Street Life: Hands, Knees and Elbow Grease

In the 1950s, northern women in their wrapover pinnies, headscarves or hairnets were on their knees at home more often than in church.

Laying fires, black leading grates, and scrubbing floors were only a few of the many domestic rituals performed on hands and knees – but there was a revolution on its way.What we have learned to call ‘white goods’, were slowly insinuating themselves into working class homes, though they were almost never white in those days.

It would be some time yet before wash boilers or ‘Dolly tubs’ were entirely replaced by electric washing machines. And, for every meal cooked on one of the new enamel gas stoves, there were plenty still produced in ovens needing a weekly black leading.

‘Stoning’ steps was done for pride, and in areas like ours, it was a measure of a housewife’s respectability. Donkey stones could be had from the rag and bone man in exchange for old clothing. Balloons and windmills on sticks were also on offer – guess what I had to ask for?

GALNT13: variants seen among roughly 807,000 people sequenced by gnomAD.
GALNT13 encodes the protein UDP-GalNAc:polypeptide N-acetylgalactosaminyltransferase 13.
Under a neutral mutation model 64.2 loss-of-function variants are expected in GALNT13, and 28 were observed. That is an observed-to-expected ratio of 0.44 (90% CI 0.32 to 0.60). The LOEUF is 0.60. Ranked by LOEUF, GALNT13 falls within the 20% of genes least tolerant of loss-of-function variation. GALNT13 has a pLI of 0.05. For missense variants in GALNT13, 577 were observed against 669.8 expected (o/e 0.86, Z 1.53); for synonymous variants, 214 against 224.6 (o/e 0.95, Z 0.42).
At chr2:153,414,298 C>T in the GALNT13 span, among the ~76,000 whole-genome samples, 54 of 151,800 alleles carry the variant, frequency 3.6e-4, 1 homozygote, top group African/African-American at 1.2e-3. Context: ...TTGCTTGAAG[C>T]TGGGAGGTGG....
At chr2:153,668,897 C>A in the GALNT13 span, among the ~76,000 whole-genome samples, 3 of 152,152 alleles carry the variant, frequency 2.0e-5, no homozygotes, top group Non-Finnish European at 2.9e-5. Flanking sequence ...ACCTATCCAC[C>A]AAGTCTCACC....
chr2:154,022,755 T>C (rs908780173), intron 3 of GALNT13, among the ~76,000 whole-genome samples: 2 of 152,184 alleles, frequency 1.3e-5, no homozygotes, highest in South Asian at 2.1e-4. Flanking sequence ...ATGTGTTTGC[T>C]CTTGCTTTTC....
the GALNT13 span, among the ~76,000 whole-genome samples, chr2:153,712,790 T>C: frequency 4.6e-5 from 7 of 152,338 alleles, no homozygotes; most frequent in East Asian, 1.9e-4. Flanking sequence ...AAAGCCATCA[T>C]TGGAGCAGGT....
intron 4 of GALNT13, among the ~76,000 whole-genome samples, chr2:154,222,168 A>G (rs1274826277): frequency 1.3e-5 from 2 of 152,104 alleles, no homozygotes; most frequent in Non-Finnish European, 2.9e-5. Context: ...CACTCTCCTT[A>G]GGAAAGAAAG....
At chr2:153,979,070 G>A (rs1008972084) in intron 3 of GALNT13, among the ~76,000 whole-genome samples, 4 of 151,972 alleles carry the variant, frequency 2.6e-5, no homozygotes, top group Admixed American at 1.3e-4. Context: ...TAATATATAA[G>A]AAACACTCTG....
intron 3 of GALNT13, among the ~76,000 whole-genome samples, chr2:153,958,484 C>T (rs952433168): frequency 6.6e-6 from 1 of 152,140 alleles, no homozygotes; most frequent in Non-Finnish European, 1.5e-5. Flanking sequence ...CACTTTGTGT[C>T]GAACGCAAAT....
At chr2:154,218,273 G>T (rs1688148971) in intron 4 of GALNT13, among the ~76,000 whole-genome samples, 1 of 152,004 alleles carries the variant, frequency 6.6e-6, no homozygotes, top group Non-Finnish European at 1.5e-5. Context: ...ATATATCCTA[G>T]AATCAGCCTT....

I was sometimes allowed to brown stone the back step. Cream stone was reserved for the front which nana always did herself.Getting the bedding and towels for a large family washed and dried, especially in winter, was worth every penny of the small sum charged for a wash-house ‘ticket’. Dilapidated prams had a second incarnation once their life as baby carriages was over, and it was a common sight to see a woman pushing one to the wash-house with the week’s laundry nestling under the hood.

At our house, ‘body linens’ were done at home. I used to enjoy scrubbing my granddad’s loose collars with a nail brush and yellow soap, while his shirts were getting a hot wash in the (gas) boiler. Less robust items went into the dolly tub for a possing. Whites were dolly-blued and sometimes starched, while curtains, dingy from much laundering, got a freshening up in ‘dolly cream’.Vintage ‘washing machine and mangle (photo compliments of Direct Discounts, Oldham, purveyors of present day appliances).